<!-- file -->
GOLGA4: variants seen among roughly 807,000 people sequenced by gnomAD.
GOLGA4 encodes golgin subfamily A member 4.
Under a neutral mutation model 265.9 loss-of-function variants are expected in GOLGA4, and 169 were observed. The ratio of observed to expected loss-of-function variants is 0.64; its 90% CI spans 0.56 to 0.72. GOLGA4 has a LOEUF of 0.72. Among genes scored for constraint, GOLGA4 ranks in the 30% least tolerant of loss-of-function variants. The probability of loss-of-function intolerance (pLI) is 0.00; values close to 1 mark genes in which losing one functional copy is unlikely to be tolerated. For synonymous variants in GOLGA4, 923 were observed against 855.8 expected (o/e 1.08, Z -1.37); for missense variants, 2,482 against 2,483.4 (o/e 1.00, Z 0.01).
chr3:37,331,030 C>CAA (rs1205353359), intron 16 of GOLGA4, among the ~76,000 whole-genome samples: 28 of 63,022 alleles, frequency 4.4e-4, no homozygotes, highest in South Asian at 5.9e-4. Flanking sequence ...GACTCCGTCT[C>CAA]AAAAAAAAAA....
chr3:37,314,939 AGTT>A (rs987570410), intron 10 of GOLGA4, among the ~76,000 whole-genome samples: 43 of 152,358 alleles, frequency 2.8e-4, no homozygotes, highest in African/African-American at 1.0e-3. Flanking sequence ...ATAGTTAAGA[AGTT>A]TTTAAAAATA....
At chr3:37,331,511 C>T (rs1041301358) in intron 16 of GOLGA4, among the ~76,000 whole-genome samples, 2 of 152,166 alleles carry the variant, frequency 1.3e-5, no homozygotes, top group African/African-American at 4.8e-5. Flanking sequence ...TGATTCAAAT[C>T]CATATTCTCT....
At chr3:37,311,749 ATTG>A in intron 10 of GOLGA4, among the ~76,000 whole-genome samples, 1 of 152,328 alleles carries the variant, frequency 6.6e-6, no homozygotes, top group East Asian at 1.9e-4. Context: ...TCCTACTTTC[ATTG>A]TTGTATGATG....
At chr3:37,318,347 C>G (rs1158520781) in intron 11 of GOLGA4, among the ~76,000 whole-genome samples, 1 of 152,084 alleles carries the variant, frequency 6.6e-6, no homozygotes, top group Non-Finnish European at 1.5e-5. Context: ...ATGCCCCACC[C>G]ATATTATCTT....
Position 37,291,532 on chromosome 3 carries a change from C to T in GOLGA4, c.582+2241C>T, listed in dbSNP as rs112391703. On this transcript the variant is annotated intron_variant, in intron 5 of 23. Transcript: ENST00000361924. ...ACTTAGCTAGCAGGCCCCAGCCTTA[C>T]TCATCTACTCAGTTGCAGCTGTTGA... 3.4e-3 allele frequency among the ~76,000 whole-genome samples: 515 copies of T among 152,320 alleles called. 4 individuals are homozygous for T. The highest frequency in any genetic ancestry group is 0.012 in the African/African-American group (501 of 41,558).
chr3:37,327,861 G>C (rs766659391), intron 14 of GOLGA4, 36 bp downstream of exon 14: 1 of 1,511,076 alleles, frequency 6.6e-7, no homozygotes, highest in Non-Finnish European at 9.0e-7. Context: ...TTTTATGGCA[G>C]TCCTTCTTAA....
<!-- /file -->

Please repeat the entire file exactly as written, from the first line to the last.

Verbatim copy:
GOLGA4: variants seen among roughly 807,000 people sequenced by gnomAD.
GOLGA4 encodes golgin subfamily A member 4.
Under a neutral mutation model 265.9 loss-of-function variants are expected in GOLGA4, and 169 were observed. The ratio of observed to expected loss-of-function variants is 0.64; its 90% CI spans 0.56 to 0.72. GOLGA4 has a LOEUF of 0.72. Among genes scored for constraint, GOLGA4 ranks in the 30% least tolerant of loss-of-function variants. The probability of loss-of-function intolerance (pLI) is 0.00; values close to 1 mark genes in which losing one functional copy is unlikely to be tolerated. For synonymous variants in GOLGA4, 923 were observed against 855.8 expected (o/e 1.08, Z -1.37); for missense variants, 2,482 against 2,483.4 (o/e 1.00, Z 0.01).
chr3:37,331,030 C>CAA (rs1205353359), intron 16 of GOLGA4, among the ~76,000 whole-genome samples: 28 of 63,022 alleles, frequency 4.4e-4, no homozygotes, highest in South Asian at 5.9e-4. Flanking sequence ...GACTCCGTCT[C>CAA]AAAAAAAAAA....
chr3:37,314,939 AGTT>A (rs987570410), intron 10 of GOLGA4, among the ~76,000 whole-genome samples: 43 of 152,358 alleles, frequency 2.8e-4, no homozygotes, highest in African/African-American at 1.0e-3. Flanking sequence ...ATAGTTAAGA[AGTT>A]TTTAAAAATA....
At chr3:37,331,511 C>T (rs1041301358) in intron 16 of GOLGA4, among the ~76,000 whole-genome samples, 2 of 152,166 alleles carry the variant, frequency 1.3e-5, no homozygotes, top group African/African-American at 4.8e-5. Flanking sequence ...TGATTCAAAT[C>T]CATATTCTCT....
At chr3:37,311,749 ATTG>A in intron 10 of GOLGA4, among the ~76,000 whole-genome samples, 1 of 152,328 alleles carries the variant, frequency 6.6e-6, no homozygotes, top group East Asian at 1.9e-4. Context: ...TCCTACTTTC[ATTG>A]TTGTATGATG....
At chr3:37,318,347 C>G (rs1158520781) in intron 11 of GOLGA4, among the ~76,000 whole-genome samples, 1 of 152,084 alleles carries the variant, frequency 6.6e-6, no homozygotes, top group Non-Finnish European at 1.5e-5. Context: ...ATGCCCCACC[C>G]ATATTATCTT....
Position 37,291,532 on chromosome 3 carries a change from C to T in GOLGA4, c.582+2241C>T, listed in dbSNP as rs112391703. On this transcript the variant is annotated intron_variant, in intron 5 of 23. Transcript: ENST00000361924. ...ACTTAGCTAGCAGGCCCCAGCCTTA[C>T]TCATCTACTCAGTTGCAGCTGTTGA... 3.4e-3 allele frequency among the ~76,000 whole-genome samples: 515 copies of T among 152,320 alleles called. 4 individuals are homozygous for T. The highest frequency in any genetic ancestry group is 0.012 in the African/African-American group (501 of 41,558).
chr3:37,327,861 G>C (rs766659391), intron 14 of GOLGA4, 36 bp downstream of exon 14: 1 of 1,511,076 alleles, frequency 6.6e-7, no homozygotes, highest in Non-Finnish European at 9.0e-7. Context: ...TTTTATGGCA[G>C]TCCTTCTTAA....